Brewster Kahle is a man on a mission. A mission to collect every book ever published, before these literary works are lost to the ravages of time.
Kahle, a computer scientist with a degree from MIT, is most famous as the creator of the Internet Archive, a non-profit group formed in 1996 with a goal of preserving every web page ever created.
In that same archival spirit, Kahle has recently set his sights on preserving the existing written history of mankind, and he's off to a pretty solid start.
To date, Kahle's warehouse in Richmond, California houses 500,000 books. That's a drop in the bucket compared to the 130 million tomes collected by Google in its efforts to digitize the entirety of our literature, but Kahle is heartened by the speed at which his group has been able to accrue their half-million books.
The existence of Google's aforementioned project also causes one to question Kahle's motivations. After all, if we've got the text available online, why keep their archaic dead tree iterations?
"There is always going to be a role for books," Kahle says. "We want to see books live forever."
"Knowledge lives in lots of different forms over time," Kahle adds. "First it was in people's memories, then it was in manuscripts, then printed books, then microfilm, CD-ROMS, now on the digital Internet. Each one of these generations is very important."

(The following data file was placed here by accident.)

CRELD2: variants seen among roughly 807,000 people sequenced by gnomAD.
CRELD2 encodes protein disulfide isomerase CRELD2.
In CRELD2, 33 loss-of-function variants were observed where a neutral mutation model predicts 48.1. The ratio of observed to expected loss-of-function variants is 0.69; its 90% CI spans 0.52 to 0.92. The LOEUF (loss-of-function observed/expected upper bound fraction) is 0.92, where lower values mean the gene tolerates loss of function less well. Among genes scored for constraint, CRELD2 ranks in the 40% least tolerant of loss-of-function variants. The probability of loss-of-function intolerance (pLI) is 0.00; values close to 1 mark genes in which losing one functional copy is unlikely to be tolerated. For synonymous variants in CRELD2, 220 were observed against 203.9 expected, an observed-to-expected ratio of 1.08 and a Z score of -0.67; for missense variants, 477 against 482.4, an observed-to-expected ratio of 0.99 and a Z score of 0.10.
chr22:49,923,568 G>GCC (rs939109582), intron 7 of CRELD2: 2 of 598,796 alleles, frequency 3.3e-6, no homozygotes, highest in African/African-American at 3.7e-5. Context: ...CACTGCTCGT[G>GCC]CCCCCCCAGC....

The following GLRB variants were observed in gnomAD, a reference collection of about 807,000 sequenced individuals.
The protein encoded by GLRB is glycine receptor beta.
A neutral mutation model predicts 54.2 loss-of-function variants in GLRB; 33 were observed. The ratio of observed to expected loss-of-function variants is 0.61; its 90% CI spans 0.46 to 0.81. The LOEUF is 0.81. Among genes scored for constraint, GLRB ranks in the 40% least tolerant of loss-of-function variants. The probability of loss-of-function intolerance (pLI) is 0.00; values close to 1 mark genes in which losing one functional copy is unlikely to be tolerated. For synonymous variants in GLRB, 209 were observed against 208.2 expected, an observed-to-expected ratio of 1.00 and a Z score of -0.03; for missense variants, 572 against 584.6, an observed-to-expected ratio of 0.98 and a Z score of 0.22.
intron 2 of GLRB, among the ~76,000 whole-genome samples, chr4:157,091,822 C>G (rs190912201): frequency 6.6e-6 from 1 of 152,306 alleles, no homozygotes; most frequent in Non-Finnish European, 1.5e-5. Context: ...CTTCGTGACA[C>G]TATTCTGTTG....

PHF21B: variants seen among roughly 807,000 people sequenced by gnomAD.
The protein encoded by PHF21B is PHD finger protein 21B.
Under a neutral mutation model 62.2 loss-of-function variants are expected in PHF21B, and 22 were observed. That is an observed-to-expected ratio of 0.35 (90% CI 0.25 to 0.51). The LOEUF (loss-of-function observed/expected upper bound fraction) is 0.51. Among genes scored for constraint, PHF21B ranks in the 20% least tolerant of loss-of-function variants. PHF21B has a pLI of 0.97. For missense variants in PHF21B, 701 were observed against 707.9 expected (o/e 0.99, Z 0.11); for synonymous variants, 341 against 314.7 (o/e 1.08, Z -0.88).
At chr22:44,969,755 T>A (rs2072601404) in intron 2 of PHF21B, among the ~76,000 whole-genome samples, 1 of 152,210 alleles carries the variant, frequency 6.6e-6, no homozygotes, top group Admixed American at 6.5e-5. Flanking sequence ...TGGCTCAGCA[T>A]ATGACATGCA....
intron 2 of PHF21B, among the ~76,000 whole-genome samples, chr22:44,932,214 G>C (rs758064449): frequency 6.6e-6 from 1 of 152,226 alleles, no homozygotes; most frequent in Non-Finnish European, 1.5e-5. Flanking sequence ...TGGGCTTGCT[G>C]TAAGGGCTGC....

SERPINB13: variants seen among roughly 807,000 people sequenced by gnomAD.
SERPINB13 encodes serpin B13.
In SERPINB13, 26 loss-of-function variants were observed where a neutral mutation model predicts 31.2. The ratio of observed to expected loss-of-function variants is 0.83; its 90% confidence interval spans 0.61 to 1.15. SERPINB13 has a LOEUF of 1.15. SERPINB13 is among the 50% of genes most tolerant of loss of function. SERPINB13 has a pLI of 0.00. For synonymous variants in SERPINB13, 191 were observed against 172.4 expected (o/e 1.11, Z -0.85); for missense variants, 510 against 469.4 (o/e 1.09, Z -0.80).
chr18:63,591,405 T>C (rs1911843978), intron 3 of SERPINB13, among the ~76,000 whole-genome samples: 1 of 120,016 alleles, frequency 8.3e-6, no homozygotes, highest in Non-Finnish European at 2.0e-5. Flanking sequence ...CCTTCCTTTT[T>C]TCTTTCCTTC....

The key difference, Kahle says, between his project and something like the Library of Congress is that while the latter is a real library, his project is "more like the Svalbard Global Seed Vault, an underground Arctic cavern built to shelter back-up copies of the world's food-crop seeds."
"The books are not meant to be loaned out on a regular basis but protected as authoritative reference copies if the digital version somehow disappears into the cloud or a question ever arises about an e-book's faithfulness to the original printed edition," the AP reports.
While I support the idea of preserving knowledge in any form, I'm not entirely sure that Kahle's project is actually all that necessary. I mean, what sort of catastrophe is going to destroy the massively redundant storage systems Google has its book collection stored on and the Library of Congress and any other such large book collection that we might have to crack open Kahle's vault to get another look at how Ahab finally speared that stupid whale?
By that point, I imagine that whatever took out those other massively well-protected archives will have reduced humanity to carbon and ash.